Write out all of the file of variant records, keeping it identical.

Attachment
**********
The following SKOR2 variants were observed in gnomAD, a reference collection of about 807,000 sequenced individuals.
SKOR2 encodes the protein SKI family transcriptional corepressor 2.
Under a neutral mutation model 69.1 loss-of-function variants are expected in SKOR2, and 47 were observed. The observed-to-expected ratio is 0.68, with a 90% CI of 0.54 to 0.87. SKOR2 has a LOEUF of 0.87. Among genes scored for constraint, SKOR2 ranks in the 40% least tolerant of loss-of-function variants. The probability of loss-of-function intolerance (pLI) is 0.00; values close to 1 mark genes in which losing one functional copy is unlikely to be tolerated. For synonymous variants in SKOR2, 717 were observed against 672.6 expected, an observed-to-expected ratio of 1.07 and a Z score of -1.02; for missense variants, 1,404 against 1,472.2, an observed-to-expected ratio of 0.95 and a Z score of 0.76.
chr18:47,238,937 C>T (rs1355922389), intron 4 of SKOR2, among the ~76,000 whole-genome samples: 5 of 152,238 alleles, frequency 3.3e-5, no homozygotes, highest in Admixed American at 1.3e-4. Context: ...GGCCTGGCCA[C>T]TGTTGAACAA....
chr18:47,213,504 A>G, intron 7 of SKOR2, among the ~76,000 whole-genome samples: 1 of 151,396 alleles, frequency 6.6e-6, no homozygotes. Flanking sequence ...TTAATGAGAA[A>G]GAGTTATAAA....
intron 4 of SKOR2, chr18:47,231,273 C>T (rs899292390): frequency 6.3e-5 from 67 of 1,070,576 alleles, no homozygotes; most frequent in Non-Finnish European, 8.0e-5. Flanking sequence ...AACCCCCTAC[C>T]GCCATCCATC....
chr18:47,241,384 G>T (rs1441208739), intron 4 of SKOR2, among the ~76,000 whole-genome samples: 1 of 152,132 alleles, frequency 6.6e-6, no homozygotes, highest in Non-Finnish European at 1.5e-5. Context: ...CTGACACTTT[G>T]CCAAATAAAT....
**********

The following SKOR2 variants were observed in gnomAD, a reference collection of about 807,000 sequenced individuals.
SKOR2 encodes the protein SKI family transcriptional corepressor 2.
Under a neutral mutation model 69.1 loss-of-function variants are expected in SKOR2, and 47 were observed. The observed-to-expected ratio is 0.68, with a 90% CI of 0.54 to 0.87. SKOR2 has a LOEUF of 0.87. Among genes scored for constraint, SKOR2 ranks in the 40% least tolerant of loss-of-function variants. The probability of loss-of-function intolerance (pLI) is 0.00; values close to 1 mark genes in which losing one functional copy is unlikely to be tolerated. For synonymous variants in SKOR2, 717 were observed against 672.6 expected, an observed-to-expected ratio of 1.07 and a Z score of -1.02; for missense variants, 1,404 against 1,472.2, an observed-to-expected ratio of 0.95 and a Z score of 0.76.
chr18:47,238,937 C>T (rs1355922389), intron 4 of SKOR2, among the ~76,000 whole-genome samples: 5 of 152,238 alleles, frequency 3.3e-5, no homozygotes, highest in Admixed American at 1.3e-4. Context: ...GGCCTGGCCA[C>T]TGTTGAACAA....
chr18:47,213,504 A>G, intron 7 of SKOR2, among the ~76,000 whole-genome samples: 1 of 151,396 alleles, frequency 6.6e-6, no homozygotes. Flanking sequence ...TTAATGAGAA[A>G]GAGTTATAAA....
intron 4 of SKOR2, chr18:47,231,273 C>T (rs899292390): frequency 6.3e-5 from 67 of 1,070,576 alleles, no homozygotes; most frequent in Non-Finnish European, 8.0e-5. Flanking sequence ...AACCCCCTAC[C>T]GCCATCCATC....
chr18:47,241,384 G>T (rs1441208739), intron 4 of SKOR2, among the ~76,000 whole-genome samples: 1 of 152,132 alleles, frequency 6.6e-6, no homozygotes, highest in Non-Finnish European at 1.5e-5. Context: ...CTGACACTTT[G>T]CCAAATAAAT....